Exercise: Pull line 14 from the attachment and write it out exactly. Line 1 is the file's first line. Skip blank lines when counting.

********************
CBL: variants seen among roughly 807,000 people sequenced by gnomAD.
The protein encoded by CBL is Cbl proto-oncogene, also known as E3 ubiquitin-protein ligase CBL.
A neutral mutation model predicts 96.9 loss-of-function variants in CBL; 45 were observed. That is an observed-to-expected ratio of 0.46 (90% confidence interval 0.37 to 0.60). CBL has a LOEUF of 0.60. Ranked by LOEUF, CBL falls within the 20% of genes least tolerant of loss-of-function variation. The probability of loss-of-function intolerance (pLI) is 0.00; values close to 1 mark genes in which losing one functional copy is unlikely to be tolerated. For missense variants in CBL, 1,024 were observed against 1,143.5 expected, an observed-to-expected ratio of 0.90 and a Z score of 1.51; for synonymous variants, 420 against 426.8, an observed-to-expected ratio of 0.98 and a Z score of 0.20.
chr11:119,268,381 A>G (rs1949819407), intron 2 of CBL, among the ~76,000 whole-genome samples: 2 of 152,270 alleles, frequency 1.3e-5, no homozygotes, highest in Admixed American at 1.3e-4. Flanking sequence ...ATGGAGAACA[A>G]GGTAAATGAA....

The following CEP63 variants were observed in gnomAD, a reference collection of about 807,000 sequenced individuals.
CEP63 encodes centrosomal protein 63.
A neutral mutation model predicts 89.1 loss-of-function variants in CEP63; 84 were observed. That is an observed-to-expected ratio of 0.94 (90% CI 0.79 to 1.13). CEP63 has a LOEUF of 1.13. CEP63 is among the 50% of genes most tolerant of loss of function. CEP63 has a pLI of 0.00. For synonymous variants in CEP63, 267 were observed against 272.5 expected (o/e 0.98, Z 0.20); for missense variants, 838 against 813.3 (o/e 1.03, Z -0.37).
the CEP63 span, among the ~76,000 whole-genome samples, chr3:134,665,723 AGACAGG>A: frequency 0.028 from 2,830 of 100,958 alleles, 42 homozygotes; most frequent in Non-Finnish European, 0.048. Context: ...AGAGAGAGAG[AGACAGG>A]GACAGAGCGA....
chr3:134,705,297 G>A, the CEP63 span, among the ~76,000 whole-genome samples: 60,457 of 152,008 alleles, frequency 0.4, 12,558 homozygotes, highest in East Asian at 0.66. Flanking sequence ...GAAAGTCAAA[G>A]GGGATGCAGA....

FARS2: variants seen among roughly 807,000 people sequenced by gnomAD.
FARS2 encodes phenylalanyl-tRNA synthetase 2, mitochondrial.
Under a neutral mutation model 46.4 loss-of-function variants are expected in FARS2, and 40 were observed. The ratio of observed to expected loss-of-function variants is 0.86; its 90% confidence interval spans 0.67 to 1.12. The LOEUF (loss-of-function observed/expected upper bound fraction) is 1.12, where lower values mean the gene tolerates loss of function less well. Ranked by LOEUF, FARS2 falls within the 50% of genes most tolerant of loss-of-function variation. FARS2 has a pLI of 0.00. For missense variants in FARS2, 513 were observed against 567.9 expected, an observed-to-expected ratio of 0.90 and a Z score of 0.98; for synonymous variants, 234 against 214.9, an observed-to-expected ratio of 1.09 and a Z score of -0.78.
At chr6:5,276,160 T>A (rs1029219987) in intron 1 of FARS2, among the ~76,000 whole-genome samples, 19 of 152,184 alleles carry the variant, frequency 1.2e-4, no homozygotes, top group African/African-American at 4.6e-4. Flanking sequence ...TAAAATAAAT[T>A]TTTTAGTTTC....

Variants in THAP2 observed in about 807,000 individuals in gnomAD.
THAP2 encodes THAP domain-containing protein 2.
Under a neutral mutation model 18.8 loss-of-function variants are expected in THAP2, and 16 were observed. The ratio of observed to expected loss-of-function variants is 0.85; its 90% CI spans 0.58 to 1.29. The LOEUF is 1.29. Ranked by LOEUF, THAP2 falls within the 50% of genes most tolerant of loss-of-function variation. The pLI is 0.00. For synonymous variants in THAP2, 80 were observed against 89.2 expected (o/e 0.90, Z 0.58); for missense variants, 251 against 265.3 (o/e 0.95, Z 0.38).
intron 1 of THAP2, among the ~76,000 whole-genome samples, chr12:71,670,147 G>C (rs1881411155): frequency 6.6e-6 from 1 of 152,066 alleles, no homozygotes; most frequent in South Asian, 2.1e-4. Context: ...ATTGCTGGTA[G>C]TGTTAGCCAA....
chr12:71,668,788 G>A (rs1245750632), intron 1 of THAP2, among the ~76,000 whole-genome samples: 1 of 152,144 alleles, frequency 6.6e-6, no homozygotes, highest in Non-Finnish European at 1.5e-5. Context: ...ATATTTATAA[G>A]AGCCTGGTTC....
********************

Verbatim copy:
Variants in THAP2 observed in about 807,000 individuals in gnomAD.